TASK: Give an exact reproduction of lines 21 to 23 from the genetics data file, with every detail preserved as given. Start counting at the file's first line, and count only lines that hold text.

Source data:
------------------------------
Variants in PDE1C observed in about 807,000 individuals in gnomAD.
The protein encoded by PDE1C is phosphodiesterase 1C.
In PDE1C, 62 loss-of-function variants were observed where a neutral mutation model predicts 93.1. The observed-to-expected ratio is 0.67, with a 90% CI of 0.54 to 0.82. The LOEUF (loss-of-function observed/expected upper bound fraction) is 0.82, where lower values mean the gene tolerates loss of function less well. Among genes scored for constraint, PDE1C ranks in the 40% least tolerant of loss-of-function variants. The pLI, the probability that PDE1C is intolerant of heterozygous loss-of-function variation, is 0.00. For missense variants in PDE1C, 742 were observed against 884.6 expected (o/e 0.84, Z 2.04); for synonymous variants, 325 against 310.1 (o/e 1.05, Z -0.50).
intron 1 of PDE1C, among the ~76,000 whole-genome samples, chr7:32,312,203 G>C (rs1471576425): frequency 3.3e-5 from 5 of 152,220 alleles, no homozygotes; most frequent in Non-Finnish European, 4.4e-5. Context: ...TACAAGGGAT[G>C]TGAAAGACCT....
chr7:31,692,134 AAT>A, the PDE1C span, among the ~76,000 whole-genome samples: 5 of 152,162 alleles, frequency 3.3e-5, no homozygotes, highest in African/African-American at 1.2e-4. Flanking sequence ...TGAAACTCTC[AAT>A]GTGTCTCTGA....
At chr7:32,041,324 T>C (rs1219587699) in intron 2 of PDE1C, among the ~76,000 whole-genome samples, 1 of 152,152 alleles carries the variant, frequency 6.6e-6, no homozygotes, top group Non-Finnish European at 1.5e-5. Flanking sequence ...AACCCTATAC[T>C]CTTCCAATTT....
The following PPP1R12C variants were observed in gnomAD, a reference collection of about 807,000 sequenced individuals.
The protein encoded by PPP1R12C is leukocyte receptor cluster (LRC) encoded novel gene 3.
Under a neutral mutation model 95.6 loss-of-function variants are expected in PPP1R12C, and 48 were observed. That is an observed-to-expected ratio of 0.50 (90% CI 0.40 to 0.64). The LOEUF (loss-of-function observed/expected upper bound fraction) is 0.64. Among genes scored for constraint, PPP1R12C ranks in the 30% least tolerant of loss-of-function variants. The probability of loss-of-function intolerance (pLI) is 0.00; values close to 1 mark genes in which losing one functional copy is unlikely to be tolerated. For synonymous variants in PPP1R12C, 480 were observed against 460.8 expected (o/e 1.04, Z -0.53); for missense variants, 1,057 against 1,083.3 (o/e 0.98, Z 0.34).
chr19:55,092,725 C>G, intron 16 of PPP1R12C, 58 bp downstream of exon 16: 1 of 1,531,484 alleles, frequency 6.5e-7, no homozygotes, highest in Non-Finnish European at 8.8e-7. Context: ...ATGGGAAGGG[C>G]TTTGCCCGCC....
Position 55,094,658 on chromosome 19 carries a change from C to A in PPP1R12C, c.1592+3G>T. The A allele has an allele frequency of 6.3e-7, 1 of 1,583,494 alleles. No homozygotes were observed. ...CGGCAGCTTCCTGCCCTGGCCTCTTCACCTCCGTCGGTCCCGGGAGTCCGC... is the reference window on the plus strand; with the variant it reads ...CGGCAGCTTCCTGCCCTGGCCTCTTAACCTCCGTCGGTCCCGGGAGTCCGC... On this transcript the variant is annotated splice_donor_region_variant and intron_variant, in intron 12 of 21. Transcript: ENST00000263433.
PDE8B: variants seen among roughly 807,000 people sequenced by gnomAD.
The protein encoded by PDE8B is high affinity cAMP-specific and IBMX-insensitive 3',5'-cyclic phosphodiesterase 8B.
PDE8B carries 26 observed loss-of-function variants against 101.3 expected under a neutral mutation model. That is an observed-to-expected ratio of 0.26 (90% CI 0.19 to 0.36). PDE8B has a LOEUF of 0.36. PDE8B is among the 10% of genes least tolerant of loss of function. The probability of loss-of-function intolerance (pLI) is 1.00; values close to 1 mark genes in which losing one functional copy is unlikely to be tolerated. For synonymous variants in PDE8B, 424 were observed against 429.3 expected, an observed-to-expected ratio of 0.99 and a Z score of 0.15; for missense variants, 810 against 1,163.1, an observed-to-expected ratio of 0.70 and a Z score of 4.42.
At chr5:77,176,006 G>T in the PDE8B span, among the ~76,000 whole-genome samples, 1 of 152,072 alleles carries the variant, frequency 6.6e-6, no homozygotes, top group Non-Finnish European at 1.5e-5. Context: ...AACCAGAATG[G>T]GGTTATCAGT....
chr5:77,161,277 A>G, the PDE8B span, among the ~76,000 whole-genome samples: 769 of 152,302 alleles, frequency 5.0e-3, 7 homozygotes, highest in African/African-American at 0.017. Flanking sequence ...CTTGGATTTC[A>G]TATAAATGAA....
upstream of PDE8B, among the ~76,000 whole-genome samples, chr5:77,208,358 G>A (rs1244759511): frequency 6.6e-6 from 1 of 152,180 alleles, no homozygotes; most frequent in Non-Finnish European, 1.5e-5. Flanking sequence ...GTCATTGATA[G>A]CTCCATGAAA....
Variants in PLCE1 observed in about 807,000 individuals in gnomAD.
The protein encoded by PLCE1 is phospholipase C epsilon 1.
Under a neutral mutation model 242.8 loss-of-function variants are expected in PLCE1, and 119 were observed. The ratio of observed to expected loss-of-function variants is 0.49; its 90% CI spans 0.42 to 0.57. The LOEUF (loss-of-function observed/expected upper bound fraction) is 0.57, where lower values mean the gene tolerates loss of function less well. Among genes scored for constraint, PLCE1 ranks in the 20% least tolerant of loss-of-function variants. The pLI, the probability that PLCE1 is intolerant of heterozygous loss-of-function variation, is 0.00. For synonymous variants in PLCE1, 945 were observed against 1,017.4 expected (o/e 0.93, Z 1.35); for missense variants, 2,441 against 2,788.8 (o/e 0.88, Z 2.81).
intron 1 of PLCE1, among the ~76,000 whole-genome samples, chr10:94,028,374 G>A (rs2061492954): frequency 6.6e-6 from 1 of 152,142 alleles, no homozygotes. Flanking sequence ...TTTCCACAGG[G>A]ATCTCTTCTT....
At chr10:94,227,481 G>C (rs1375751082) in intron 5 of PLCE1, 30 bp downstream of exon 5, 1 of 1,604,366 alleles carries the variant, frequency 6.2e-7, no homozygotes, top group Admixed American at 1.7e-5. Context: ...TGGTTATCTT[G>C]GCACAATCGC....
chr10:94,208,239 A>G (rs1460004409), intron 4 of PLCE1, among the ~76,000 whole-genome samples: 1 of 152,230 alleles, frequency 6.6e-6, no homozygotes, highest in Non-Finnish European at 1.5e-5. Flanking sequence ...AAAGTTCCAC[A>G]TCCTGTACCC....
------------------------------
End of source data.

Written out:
intron 1 of PLCE1, among the ~76,000 whole-genome samples, chr10:94,028,374 G>A (rs2061492954): frequency 6.6e-6 from 1 of 152,142 alleles, no homozygotes. Flanking sequence ...TTTCCACAGG[G>A]ATCTCTTCTT....
At chr10:94,227,481 G>C (rs1375751082) in intron 5 of PLCE1, 30 bp downstream of exon 5, 1 of 1,604,366 alleles carries the variant, frequency 6.2e-7, no homozygotes, top group Admixed American at 1.7e-5. Context: ...TGGTTATCTT[G>C]GCACAATCGC....
chr10:94,208,239 A>G (rs1460004409), intron 4 of PLCE1, among the ~76,000 whole-genome samples: 1 of 152,230 alleles, frequency 6.6e-6, no homozygotes, highest in Non-Finnish European at 1.5e-5. Flanking sequence ...AAAGTTCCAC[A>G]TCCTGTACCC....